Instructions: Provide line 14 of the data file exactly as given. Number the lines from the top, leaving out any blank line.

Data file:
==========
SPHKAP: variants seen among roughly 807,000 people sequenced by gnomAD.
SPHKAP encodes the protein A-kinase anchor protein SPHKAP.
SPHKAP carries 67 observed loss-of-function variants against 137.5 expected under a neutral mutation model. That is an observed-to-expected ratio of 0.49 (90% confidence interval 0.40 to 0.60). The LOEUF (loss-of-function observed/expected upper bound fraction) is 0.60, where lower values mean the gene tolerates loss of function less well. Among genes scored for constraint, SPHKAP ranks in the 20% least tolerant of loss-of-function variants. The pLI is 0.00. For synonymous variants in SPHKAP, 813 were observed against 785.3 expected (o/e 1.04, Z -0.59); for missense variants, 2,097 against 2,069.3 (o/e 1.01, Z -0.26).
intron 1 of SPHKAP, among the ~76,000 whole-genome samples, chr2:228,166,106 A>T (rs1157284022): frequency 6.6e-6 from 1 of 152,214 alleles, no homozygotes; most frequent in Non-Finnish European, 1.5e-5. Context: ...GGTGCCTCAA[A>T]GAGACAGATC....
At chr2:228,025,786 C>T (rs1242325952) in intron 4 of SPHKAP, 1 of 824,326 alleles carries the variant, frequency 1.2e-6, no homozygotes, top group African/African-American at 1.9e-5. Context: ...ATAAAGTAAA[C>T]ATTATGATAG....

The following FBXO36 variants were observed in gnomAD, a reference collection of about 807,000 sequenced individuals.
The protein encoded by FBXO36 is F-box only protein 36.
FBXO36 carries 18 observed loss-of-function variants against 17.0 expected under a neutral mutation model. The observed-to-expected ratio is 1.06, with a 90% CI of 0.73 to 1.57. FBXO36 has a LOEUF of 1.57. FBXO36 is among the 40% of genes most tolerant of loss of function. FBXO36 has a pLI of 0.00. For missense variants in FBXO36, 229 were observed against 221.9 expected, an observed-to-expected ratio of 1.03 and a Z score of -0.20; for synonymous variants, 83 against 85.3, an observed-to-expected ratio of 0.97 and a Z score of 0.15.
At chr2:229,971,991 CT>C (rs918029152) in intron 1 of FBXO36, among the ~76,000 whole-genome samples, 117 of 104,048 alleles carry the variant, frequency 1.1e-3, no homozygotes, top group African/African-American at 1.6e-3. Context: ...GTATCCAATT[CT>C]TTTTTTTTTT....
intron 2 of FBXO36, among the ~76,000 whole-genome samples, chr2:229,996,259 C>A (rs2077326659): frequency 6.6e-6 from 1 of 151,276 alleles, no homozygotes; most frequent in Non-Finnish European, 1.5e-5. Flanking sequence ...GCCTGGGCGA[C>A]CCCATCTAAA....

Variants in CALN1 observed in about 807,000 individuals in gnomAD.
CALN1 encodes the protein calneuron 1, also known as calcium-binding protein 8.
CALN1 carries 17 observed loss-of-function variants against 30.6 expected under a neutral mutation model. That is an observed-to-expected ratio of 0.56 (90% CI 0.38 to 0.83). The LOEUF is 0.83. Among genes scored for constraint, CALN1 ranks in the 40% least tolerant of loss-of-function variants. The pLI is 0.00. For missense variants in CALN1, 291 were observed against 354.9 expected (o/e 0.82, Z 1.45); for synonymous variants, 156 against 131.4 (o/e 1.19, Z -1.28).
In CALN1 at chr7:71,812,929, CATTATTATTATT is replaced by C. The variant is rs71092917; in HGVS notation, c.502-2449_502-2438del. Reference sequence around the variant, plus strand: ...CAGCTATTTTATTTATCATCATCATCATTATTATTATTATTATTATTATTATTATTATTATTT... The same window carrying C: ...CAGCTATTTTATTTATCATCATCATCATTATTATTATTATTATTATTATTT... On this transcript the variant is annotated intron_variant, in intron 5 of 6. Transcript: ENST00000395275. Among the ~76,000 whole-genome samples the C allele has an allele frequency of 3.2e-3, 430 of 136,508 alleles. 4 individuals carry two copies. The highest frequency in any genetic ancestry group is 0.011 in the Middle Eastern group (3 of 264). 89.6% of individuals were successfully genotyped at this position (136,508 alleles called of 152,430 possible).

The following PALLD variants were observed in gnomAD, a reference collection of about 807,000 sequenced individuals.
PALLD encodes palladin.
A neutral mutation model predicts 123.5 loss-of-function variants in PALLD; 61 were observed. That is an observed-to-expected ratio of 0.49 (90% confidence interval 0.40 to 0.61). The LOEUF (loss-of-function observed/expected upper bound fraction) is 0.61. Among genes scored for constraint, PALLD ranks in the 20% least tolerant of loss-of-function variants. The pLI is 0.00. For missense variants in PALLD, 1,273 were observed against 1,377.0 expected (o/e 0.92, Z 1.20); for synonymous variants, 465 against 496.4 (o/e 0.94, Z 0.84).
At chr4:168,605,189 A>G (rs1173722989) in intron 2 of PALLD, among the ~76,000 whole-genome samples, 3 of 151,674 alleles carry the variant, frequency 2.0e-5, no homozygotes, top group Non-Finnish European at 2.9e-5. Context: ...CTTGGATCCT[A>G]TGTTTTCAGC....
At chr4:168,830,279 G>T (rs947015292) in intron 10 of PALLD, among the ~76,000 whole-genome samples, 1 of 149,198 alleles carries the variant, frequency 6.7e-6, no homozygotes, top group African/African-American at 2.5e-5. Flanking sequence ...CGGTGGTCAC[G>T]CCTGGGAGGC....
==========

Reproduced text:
In CALN1 at chr7:71,812,929, CATTATTATTATT is replaced by C. The variant is rs71092917; in HGVS notation, c.502-2449_502-2438del. Reference sequence around the variant, plus strand: ...CAGCTATTTTATTTATCATCATCATCATTATTATTATTATTATTATTATTATTATTATTATTT... The same window carrying C: ...CAGCTATTTTATTTATCATCATCATCATTATTATTATTATTATTATTATTT... On this transcript the variant is annotated intron_variant, in intron 5 of 6. Transcript: ENST00000395275. Among the ~76,000 whole-genome samples the C allele has an allele frequency of 3.2e-3, 430 of 136,508 alleles. 4 individuals carry two copies. The highest frequency in any genetic ancestry group is 0.011 in the Middle Eastern group (3 of 264). 89.6% of individuals were successfully genotyped at this position (136,508 alleles called of 152,430 possible).